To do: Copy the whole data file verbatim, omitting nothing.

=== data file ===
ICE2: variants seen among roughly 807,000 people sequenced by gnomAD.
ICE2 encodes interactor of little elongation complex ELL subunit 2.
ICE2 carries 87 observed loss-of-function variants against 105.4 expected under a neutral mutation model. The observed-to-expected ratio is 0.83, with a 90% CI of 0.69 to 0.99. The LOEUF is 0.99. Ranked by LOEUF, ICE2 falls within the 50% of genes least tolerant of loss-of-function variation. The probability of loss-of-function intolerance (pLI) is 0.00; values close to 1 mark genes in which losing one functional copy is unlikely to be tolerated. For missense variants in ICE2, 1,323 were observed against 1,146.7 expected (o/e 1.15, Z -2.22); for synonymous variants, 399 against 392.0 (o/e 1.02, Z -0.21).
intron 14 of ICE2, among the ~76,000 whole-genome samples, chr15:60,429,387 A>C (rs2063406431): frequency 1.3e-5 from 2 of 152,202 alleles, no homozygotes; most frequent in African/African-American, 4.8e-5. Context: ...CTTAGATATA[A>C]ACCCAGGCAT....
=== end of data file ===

ICE2: variants seen among roughly 807,000 people sequenced by gnomAD.
ICE2 encodes interactor of little elongation complex ELL subunit 2.
ICE2 carries 87 observed loss-of-function variants against 105.4 expected under a neutral mutation model. The observed-to-expected ratio is 0.83, with a 90% CI of 0.69 to 0.99. The LOEUF is 0.99. Ranked by LOEUF, ICE2 falls within the 50% of genes least tolerant of loss-of-function variation. The probability of loss-of-function intolerance (pLI) is 0.00; values close to 1 mark genes in which losing one functional copy is unlikely to be tolerated. For missense variants in ICE2, 1,323 were observed against 1,146.7 expected (o/e 1.15, Z -2.22); for synonymous variants, 399 against 392.0 (o/e 1.02, Z -0.21).
intron 14 of ICE2, among the ~76,000 whole-genome samples, chr15:60,429,387 A>C (rs2063406431): frequency 1.3e-5 from 2 of 152,202 alleles, no homozygotes; most frequent in African/African-American, 4.8e-5. Context: ...CTTAGATATA[A>C]ACCCAGGCAT....